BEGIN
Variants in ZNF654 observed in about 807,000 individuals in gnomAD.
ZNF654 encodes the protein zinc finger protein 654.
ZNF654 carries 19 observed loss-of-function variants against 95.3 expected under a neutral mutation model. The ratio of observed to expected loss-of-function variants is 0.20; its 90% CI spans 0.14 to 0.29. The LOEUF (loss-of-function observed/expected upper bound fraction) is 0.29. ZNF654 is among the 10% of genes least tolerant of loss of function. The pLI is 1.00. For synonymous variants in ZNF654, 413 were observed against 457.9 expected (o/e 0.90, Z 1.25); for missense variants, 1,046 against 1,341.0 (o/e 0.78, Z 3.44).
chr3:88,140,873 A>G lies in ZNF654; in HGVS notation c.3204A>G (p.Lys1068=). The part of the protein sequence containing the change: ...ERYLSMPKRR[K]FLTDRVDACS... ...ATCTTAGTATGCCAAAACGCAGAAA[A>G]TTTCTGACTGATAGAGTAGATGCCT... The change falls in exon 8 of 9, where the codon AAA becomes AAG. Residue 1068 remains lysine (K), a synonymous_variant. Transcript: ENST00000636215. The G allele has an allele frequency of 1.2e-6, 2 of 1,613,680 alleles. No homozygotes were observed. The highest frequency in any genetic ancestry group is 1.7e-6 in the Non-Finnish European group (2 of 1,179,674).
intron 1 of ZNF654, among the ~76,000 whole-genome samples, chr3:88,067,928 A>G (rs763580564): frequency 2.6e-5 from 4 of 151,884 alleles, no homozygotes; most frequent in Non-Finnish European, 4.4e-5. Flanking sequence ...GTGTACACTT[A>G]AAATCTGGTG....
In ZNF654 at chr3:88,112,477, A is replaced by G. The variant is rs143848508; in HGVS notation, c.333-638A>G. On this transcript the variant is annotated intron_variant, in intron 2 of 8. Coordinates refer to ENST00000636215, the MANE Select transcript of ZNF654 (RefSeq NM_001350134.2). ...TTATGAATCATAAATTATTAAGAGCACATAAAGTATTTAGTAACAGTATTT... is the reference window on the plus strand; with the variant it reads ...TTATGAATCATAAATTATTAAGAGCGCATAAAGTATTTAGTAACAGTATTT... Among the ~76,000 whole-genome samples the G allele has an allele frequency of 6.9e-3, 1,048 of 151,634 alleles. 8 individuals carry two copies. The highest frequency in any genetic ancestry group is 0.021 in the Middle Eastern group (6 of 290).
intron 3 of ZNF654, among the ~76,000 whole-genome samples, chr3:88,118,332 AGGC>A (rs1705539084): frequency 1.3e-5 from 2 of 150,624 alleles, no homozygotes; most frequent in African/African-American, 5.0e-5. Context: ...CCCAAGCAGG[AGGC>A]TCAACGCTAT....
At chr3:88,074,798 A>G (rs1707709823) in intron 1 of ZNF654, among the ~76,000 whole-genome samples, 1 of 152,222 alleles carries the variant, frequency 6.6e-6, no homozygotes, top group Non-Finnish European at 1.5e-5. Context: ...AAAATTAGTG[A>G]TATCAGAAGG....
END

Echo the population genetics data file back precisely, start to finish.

Variants in ZNF654 observed in about 807,000 individuals in gnomAD.
ZNF654 encodes the protein zinc finger protein 654.
ZNF654 carries 19 observed loss-of-function variants against 95.3 expected under a neutral mutation model. The ratio of observed to expected loss-of-function variants is 0.20; its 90% CI spans 0.14 to 0.29. The LOEUF (loss-of-function observed/expected upper bound fraction) is 0.29. ZNF654 is among the 10% of genes least tolerant of loss of function. The pLI is 1.00. For synonymous variants in ZNF654, 413 were observed against 457.9 expected (o/e 0.90, Z 1.25); for missense variants, 1,046 against 1,341.0 (o/e 0.78, Z 3.44).
chr3:88,140,873 A>G lies in ZNF654; in HGVS notation c.3204A>G (p.Lys1068=). The part of the protein sequence containing the change: ...ERYLSMPKRR[K]FLTDRVDACS... ...ATCTTAGTATGCCAAAACGCAGAAA[A>G]TTTCTGACTGATAGAGTAGATGCCT... The change falls in exon 8 of 9, where the codon AAA becomes AAG. Residue 1068 remains lysine (K), a synonymous_variant. Transcript: ENST00000636215. The G allele has an allele frequency of 1.2e-6, 2 of 1,613,680 alleles. No homozygotes were observed. The highest frequency in any genetic ancestry group is 1.7e-6 in the Non-Finnish European group (2 of 1,179,674).
intron 1 of ZNF654, among the ~76,000 whole-genome samples, chr3:88,067,928 A>G (rs763580564): frequency 2.6e-5 from 4 of 151,884 alleles, no homozygotes; most frequent in Non-Finnish European, 4.4e-5. Flanking sequence ...GTGTACACTT[A>G]AAATCTGGTG....
In ZNF654 at chr3:88,112,477, A is replaced by G. The variant is rs143848508; in HGVS notation, c.333-638A>G. On this transcript the variant is annotated intron_variant, in intron 2 of 8. Coordinates refer to ENST00000636215, the MANE Select transcript of ZNF654 (RefSeq NM_001350134.2). ...TTATGAATCATAAATTATTAAGAGCACATAAAGTATTTAGTAACAGTATTT... is the reference window on the plus strand; with the variant it reads ...TTATGAATCATAAATTATTAAGAGCGCATAAAGTATTTAGTAACAGTATTT... Among the ~76,000 whole-genome samples the G allele has an allele frequency of 6.9e-3, 1,048 of 151,634 alleles. 8 individuals carry two copies. The highest frequency in any genetic ancestry group is 0.021 in the Middle Eastern group (6 of 290).
intron 3 of ZNF654, among the ~76,000 whole-genome samples, chr3:88,118,332 AGGC>A (rs1705539084): frequency 1.3e-5 from 2 of 150,624 alleles, no homozygotes; most frequent in African/African-American, 5.0e-5. Context: ...CCCAAGCAGG[AGGC>A]TCAACGCTAT....
At chr3:88,074,798 A>G (rs1707709823) in intron 1 of ZNF654, among the ~76,000 whole-genome samples, 1 of 152,222 alleles carries the variant, frequency 6.6e-6, no homozygotes, top group Non-Finnish European at 1.5e-5. Context: ...AAAATTAGTG[A>G]TATCAGAAGG....